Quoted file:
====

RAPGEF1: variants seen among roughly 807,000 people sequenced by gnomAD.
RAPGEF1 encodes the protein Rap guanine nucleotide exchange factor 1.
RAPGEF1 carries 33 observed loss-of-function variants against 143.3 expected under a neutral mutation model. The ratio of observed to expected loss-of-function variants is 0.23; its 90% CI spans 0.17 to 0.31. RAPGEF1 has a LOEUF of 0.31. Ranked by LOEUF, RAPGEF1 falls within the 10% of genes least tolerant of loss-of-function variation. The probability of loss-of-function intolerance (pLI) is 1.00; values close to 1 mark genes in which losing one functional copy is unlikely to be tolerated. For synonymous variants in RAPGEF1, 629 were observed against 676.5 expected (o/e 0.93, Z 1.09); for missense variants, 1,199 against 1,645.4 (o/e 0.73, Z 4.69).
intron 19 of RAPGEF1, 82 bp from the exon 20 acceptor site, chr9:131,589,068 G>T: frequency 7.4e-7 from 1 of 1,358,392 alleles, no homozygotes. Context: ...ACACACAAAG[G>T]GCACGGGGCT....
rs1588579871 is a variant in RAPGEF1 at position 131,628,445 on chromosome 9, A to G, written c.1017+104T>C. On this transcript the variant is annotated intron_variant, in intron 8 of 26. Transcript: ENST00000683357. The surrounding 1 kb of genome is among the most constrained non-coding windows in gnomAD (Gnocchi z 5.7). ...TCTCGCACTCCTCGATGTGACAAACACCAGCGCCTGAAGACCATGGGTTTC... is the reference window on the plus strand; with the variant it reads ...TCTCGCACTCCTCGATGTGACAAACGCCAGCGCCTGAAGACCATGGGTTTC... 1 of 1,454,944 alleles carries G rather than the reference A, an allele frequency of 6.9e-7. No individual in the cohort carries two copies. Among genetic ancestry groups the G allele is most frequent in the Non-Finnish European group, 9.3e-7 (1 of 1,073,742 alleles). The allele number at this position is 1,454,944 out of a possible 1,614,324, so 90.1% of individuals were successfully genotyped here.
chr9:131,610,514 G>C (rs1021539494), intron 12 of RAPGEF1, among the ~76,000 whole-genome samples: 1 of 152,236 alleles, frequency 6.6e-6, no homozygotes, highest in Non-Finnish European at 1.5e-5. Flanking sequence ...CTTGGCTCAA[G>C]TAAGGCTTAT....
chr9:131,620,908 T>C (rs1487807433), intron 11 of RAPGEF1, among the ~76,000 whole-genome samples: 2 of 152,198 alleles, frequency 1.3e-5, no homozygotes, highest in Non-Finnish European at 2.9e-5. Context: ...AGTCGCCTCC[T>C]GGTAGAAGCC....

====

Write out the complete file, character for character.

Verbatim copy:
RAPGEF1: variants seen among roughly 807,000 people sequenced by gnomAD.
RAPGEF1 encodes the protein Rap guanine nucleotide exchange factor 1.
RAPGEF1 carries 33 observed loss-of-function variants against 143.3 expected under a neutral mutation model. The ratio of observed to expected loss-of-function variants is 0.23; its 90% CI spans 0.17 to 0.31. RAPGEF1 has a LOEUF of 0.31. Ranked by LOEUF, RAPGEF1 falls within the 10% of genes least tolerant of loss-of-function variation. The probability of loss-of-function intolerance (pLI) is 1.00; values close to 1 mark genes in which losing one functional copy is unlikely to be tolerated. For synonymous variants in RAPGEF1, 629 were observed against 676.5 expected (o/e 0.93, Z 1.09); for missense variants, 1,199 against 1,645.4 (o/e 0.73, Z 4.69).
intron 19 of RAPGEF1, 82 bp from the exon 20 acceptor site, chr9:131,589,068 G>T: frequency 7.4e-7 from 1 of 1,358,392 alleles, no homozygotes. Context: ...ACACACAAAG[G>T]GCACGGGGCT....
rs1588579871 is a variant in RAPGEF1 at position 131,628,445 on chromosome 9, A to G, written c.1017+104T>C. On this transcript the variant is annotated intron_variant, in intron 8 of 26. Transcript: ENST00000683357. The surrounding 1 kb of genome is among the most constrained non-coding windows in gnomAD (Gnocchi z 5.7). ...TCTCGCACTCCTCGATGTGACAAACACCAGCGCCTGAAGACCATGGGTTTC... is the reference window on the plus strand; with the variant it reads ...TCTCGCACTCCTCGATGTGACAAACGCCAGCGCCTGAAGACCATGGGTTTC... 1 of 1,454,944 alleles carries G rather than the reference A, an allele frequency of 6.9e-7. No individual in the cohort carries two copies. Among genetic ancestry groups the G allele is most frequent in the Non-Finnish European group, 9.3e-7 (1 of 1,073,742 alleles). The allele number at this position is 1,454,944 out of a possible 1,614,324, so 90.1% of individuals were successfully genotyped here.
chr9:131,610,514 G>C (rs1021539494), intron 12 of RAPGEF1, among the ~76,000 whole-genome samples: 1 of 152,236 alleles, frequency 6.6e-6, no homozygotes, highest in Non-Finnish European at 1.5e-5. Flanking sequence ...CTTGGCTCAA[G>C]TAAGGCTTAT....
chr9:131,620,908 T>C (rs1487807433), intron 11 of RAPGEF1, among the ~76,000 whole-genome samples: 2 of 152,198 alleles, frequency 1.3e-5, no homozygotes, highest in Non-Finnish European at 2.9e-5. Context: ...AGTCGCCTCC[T>C]GGTAGAAGCC....